Cadiz chief to tackle desert water transfer project roadblock:  “The CEO for embattled Cadiz Inc. has a plan to keep alive a controversial project to transfer ancient groundwater in a remote part of San Bernardino County’s Mojave Desert to parts of Orange County and other locations, where it could serve as many as 400,000 people.  In an interview late last week, Cadiz CEO Scott Slater said he would be seeking a review of the decision by the U.S. Bureau of Land Management to reject Cadiz’s proposed use of an 1875 railway right-of-way to build a critical 43-mile pipeline from the Fenner Valley — about 40 miles northeast of Twentynine Palms — to the Colorado River Aqueduct, where it could be delivered to future customers.  If that fails, he will take his battle to court, he said. ... ”  Read more from the San Bernardino Sun here:  Cadiz chief to tackle desert water transfer project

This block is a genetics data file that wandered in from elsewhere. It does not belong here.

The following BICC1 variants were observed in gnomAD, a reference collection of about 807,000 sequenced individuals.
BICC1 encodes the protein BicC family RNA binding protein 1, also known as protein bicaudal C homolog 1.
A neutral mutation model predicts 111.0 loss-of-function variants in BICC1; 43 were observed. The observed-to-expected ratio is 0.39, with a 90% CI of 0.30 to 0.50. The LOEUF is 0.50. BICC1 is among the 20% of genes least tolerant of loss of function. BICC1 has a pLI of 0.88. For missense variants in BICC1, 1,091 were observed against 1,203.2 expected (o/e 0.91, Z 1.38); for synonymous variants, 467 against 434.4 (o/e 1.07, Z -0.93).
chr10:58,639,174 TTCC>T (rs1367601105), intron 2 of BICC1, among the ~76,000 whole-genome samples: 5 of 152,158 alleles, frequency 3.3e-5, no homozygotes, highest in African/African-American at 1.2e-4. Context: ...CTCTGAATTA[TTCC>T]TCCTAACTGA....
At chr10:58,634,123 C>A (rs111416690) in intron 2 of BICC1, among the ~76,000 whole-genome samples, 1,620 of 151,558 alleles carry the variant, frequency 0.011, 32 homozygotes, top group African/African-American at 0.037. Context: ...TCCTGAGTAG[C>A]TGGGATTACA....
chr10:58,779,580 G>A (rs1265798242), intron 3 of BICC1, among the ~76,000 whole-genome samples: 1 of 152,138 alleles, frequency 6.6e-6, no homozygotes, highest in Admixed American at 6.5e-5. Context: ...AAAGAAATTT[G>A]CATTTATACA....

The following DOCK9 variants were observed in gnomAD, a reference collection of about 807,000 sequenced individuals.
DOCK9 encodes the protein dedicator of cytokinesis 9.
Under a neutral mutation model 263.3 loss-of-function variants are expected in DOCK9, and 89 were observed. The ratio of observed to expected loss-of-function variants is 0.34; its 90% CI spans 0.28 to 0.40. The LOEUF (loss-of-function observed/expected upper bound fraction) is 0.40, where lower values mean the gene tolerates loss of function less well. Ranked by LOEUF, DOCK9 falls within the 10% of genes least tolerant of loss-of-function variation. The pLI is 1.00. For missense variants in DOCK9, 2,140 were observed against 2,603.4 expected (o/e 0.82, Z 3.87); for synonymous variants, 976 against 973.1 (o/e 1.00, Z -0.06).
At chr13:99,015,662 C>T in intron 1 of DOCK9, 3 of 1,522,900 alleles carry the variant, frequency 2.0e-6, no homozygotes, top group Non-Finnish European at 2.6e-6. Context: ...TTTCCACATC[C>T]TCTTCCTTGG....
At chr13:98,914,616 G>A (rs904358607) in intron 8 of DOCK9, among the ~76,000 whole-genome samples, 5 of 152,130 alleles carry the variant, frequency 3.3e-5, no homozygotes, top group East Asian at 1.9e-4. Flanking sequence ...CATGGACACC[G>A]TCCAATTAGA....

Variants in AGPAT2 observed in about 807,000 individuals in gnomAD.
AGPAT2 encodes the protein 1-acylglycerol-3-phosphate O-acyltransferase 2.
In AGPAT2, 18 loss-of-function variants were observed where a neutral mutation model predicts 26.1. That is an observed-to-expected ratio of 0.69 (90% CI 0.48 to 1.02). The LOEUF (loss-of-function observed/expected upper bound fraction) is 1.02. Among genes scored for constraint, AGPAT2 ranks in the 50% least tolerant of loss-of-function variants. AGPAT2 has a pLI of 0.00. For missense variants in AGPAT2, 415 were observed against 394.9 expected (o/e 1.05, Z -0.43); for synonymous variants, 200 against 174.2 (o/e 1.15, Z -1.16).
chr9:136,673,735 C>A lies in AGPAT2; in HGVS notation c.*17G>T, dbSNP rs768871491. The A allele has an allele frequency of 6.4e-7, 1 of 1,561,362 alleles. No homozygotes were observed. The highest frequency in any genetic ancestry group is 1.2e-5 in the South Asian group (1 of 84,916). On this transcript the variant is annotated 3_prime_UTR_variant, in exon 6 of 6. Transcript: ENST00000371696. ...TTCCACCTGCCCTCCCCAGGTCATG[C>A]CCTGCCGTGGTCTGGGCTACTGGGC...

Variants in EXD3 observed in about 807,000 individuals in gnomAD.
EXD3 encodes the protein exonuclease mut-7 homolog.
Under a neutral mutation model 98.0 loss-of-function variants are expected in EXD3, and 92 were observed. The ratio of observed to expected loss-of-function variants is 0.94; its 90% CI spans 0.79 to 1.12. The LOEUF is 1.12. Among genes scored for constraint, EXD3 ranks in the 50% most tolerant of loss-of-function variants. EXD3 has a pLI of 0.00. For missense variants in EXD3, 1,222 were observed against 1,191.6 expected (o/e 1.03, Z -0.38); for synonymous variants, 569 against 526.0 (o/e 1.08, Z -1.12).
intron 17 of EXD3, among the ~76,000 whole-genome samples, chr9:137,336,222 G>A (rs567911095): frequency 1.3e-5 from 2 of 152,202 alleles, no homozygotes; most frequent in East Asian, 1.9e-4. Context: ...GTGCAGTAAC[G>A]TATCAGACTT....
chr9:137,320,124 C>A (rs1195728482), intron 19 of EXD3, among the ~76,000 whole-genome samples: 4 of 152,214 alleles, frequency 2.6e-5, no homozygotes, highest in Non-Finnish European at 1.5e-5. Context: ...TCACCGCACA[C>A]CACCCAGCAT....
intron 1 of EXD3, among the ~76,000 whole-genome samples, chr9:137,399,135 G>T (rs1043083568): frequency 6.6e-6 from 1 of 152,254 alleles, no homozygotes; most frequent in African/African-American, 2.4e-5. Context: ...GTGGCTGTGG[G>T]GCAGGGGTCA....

In commentary today …

California’s environmentalists contrive to make a bad thing worse, says the Washington Times:  They write, “There’s a California belief that whatever starts in California — whether serving salad after instead of before the main course, or designing highways with limited access — will eventually spread to benighted places “back east,” which begins somewhere east of San Bernardino.  People everywhere beyond San Bernardino must pray that that doesn’t happen this time. The way the politicians in Sacramento and their right-thinking savants in the media and in academia deal with drought is not an example for our time this time. … ”  Read more from the Washington Times here:  California’s environmentalists contrive to make a bad thing worse